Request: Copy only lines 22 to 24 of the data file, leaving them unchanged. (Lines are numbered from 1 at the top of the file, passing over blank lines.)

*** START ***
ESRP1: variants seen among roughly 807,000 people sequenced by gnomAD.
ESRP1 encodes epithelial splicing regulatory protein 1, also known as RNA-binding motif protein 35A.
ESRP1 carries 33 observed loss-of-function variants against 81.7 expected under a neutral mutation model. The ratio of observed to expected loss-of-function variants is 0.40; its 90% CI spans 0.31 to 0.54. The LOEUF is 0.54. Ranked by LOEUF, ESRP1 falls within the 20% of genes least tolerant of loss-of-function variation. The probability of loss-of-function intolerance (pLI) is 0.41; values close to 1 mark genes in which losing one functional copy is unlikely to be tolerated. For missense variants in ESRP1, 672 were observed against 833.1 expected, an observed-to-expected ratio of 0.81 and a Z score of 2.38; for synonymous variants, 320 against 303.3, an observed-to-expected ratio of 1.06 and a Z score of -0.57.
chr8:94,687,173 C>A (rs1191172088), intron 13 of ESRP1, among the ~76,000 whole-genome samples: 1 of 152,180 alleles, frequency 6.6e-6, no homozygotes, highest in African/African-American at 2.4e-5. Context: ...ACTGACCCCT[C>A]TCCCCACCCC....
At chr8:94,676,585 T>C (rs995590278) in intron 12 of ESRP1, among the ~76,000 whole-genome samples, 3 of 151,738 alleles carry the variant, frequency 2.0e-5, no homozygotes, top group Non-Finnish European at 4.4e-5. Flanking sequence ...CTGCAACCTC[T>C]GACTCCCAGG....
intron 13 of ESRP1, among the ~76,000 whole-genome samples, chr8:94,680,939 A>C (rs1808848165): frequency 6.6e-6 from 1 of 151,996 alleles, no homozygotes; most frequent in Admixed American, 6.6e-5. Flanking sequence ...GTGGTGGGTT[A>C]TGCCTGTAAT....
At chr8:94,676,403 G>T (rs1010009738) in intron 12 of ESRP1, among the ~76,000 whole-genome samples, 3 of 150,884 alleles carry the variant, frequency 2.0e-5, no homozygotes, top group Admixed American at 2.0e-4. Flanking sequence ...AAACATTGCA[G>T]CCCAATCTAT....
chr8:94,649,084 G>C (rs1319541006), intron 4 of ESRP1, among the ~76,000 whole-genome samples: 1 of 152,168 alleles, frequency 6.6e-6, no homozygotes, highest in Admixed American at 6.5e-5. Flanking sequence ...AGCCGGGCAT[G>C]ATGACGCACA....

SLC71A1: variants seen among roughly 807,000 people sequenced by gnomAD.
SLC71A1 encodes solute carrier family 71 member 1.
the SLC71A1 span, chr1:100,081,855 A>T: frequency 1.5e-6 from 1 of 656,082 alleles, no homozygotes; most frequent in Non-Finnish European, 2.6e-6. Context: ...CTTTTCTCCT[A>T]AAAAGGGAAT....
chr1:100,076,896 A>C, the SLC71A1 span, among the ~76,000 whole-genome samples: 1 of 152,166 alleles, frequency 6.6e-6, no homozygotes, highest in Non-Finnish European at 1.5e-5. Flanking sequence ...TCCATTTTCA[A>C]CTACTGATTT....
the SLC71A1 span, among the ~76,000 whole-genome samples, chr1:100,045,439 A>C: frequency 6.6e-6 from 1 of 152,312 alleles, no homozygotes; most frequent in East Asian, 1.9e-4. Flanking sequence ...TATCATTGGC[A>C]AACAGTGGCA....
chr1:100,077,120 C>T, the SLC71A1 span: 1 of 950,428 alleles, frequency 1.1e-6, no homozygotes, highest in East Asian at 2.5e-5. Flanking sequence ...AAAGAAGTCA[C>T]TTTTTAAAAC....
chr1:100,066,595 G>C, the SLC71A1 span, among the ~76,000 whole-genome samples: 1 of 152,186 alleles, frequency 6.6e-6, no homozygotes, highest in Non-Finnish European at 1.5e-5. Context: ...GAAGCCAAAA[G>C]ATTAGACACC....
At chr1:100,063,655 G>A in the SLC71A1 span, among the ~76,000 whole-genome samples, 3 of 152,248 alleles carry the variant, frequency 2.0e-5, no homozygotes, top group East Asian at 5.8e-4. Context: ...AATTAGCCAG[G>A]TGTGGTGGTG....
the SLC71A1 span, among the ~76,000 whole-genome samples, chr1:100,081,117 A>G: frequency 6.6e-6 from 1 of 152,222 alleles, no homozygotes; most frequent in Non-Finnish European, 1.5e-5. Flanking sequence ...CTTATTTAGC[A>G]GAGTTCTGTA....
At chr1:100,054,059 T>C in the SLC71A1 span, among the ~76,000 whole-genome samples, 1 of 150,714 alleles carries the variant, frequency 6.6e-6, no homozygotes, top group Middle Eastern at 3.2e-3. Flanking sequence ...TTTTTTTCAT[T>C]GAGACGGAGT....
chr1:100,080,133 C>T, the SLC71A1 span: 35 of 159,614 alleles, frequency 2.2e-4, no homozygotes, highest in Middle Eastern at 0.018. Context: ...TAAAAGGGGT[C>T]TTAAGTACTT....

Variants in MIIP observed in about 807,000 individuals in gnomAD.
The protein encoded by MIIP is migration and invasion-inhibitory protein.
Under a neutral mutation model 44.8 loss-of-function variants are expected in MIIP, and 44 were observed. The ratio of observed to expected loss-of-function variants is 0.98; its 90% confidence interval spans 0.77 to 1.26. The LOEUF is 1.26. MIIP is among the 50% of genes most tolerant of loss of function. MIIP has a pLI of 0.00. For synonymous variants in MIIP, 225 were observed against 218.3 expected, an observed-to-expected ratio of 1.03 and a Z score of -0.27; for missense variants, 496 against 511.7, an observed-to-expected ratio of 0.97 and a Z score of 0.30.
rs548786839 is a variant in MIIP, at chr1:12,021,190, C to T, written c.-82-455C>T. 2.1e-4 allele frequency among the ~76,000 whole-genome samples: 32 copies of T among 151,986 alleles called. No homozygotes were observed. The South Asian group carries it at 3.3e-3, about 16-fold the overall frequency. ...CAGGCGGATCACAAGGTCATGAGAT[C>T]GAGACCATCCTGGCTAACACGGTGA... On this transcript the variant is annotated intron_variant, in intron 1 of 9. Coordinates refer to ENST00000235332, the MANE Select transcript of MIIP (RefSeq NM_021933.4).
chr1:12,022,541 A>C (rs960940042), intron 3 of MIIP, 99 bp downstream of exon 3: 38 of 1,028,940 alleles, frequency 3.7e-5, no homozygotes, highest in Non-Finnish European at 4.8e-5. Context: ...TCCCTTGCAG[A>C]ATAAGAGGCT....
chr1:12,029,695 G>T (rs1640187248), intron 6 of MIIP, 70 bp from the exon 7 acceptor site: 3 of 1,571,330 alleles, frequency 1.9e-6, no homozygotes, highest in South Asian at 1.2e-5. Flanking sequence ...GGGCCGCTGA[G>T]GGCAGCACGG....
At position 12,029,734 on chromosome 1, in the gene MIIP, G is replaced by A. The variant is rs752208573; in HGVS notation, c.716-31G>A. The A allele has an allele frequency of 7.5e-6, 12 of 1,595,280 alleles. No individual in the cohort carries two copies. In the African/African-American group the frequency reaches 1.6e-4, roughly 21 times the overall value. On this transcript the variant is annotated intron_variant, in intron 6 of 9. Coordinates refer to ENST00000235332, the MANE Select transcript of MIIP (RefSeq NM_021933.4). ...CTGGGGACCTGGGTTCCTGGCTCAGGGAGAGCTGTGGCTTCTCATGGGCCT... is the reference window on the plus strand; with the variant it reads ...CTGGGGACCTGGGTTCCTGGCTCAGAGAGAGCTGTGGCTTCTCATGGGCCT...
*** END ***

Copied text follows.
Under a neutral mutation model 44.8 loss-of-function variants are expected in MIIP, and 44 were observed. The ratio of observed to expected loss-of-function variants is 0.98; its 90% confidence interval spans 0.77 to 1.26. The LOEUF is 1.26. MIIP is among the 50% of genes most tolerant of loss of function. MIIP has a pLI of 0.00. For synonymous variants in MIIP, 225 were observed against 218.3 expected, an observed-to-expected ratio of 1.03 and a Z score of -0.27; for missense variants, 496 against 511.7, an observed-to-expected ratio of 0.97 and a Z score of 0.30.
rs548786839 is a variant in MIIP, at chr1:12,021,190, C to T, written c.-82-455C>T. 2.1e-4 allele frequency among the ~76,000 whole-genome samples: 32 copies of T among 151,986 alleles called. No homozygotes were observed. The South Asian group carries it at 3.3e-3, about 16-fold the overall frequency. ...CAGGCGGATCACAAGGTCATGAGAT[C>T]GAGACCATCCTGGCTAACACGGTGA... On this transcript the variant is annotated intron_variant, in intron 1 of 9. Coordinates refer to ENST00000235332, the MANE Select transcript of MIIP (RefSeq NM_021933.4).
chr1:12,022,541 A>C (rs960940042), intron 3 of MIIP, 99 bp downstream of exon 3: 38 of 1,028,940 alleles, frequency 3.7e-5, no homozygotes, highest in Non-Finnish European at 4.8e-5. Context: ...TCCCTTGCAG[A>C]ATAAGAGGCT....